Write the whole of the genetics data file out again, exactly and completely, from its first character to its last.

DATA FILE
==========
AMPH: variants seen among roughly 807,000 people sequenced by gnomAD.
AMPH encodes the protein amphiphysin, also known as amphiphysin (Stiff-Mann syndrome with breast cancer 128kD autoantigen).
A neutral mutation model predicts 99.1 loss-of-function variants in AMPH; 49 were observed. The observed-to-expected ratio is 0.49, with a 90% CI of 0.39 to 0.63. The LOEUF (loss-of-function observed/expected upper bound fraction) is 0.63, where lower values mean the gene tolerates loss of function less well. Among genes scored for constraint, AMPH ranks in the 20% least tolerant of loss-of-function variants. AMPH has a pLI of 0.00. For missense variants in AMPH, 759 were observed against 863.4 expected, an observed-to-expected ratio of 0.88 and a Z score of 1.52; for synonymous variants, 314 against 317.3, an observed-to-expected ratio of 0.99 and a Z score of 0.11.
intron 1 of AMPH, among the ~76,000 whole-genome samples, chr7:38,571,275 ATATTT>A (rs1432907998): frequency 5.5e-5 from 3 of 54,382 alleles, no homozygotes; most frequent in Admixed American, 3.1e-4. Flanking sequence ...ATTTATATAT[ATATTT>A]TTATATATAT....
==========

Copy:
AMPH: variants seen among roughly 807,000 people sequenced by gnomAD.
AMPH encodes the protein amphiphysin, also known as amphiphysin (Stiff-Mann syndrome with breast cancer 128kD autoantigen).
A neutral mutation model predicts 99.1 loss-of-function variants in AMPH; 49 were observed. The observed-to-expected ratio is 0.49, with a 90% CI of 0.39 to 0.63. The LOEUF (loss-of-function observed/expected upper bound fraction) is 0.63, where lower values mean the gene tolerates loss of function less well. Among genes scored for constraint, AMPH ranks in the 20% least tolerant of loss-of-function variants. AMPH has a pLI of 0.00. For missense variants in AMPH, 759 were observed against 863.4 expected, an observed-to-expected ratio of 0.88 and a Z score of 1.52; for synonymous variants, 314 against 317.3, an observed-to-expected ratio of 0.99 and a Z score of 0.11.
intron 1 of AMPH, among the ~76,000 whole-genome samples, chr7:38,571,275 ATATTT>A (rs1432907998): frequency 5.5e-5 from 3 of 54,382 alleles, no homozygotes; most frequent in Admixed American, 3.1e-4. Flanking sequence ...ATTTATATAT[ATATTT>A]TTATATATAT....